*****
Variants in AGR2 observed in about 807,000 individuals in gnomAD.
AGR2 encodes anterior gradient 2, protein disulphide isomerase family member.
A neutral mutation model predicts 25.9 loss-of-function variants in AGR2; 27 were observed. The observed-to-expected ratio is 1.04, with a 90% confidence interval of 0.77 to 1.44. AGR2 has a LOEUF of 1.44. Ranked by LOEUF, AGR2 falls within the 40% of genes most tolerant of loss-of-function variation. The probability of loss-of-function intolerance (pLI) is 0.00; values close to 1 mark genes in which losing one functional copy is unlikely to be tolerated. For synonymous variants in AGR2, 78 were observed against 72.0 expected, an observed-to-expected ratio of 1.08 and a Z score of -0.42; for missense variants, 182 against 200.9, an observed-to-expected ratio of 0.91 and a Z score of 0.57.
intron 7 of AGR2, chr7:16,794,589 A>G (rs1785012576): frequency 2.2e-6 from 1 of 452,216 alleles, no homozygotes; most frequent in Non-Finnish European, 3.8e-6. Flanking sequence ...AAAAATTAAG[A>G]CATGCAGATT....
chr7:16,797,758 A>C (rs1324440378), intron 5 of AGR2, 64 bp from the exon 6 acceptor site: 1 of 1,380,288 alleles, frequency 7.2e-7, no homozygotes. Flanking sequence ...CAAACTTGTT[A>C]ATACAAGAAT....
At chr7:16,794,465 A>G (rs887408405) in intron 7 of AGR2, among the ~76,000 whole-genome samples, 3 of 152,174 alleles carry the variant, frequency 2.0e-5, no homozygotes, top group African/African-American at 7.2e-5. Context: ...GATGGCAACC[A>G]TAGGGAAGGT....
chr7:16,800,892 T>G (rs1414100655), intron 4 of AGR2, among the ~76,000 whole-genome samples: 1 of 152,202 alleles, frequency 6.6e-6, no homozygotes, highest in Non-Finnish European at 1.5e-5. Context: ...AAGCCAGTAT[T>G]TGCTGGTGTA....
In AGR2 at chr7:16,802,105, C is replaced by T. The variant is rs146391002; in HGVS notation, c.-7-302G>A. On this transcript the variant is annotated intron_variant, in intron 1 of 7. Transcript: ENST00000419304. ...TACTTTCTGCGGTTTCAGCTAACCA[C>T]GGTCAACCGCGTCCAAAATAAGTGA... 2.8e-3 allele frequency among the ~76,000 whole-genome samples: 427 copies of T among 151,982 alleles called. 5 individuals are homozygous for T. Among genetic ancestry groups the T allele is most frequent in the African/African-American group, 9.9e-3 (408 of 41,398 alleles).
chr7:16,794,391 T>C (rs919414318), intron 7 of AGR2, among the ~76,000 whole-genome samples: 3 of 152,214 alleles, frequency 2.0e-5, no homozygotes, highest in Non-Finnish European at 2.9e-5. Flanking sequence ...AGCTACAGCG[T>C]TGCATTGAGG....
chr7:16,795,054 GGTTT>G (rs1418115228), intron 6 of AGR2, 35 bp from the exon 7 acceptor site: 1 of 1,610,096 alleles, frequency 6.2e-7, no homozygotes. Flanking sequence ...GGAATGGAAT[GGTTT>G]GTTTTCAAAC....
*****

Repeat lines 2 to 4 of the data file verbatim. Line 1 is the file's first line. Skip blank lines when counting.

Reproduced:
AGR2 encodes anterior gradient 2, protein disulphide isomerase family member.
A neutral mutation model predicts 25.9 loss-of-function variants in AGR2; 27 were observed. The observed-to-expected ratio is 1.04, with a 90% confidence interval of 0.77 to 1.44. AGR2 has a LOEUF of 1.44. Ranked by LOEUF, AGR2 falls within the 40% of genes most tolerant of loss-of-function variation. The probability of loss-of-function intolerance (pLI) is 0.00; values close to 1 mark genes in which losing one functional copy is unlikely to be tolerated. For synonymous variants in AGR2, 78 were observed against 72.0 expected, an observed-to-expected ratio of 1.08 and a Z score of -0.42; for missense variants, 182 against 200.9, an observed-to-expected ratio of 0.91 and a Z score of 0.57.
intron 7 of AGR2, chr7:16,794,589 A>G (rs1785012576): frequency 2.2e-6 from 1 of 452,216 alleles, no homozygotes; most frequent in Non-Finnish European, 3.8e-6. Flanking sequence ...AAAAATTAAG[A>G]CATGCAGATT....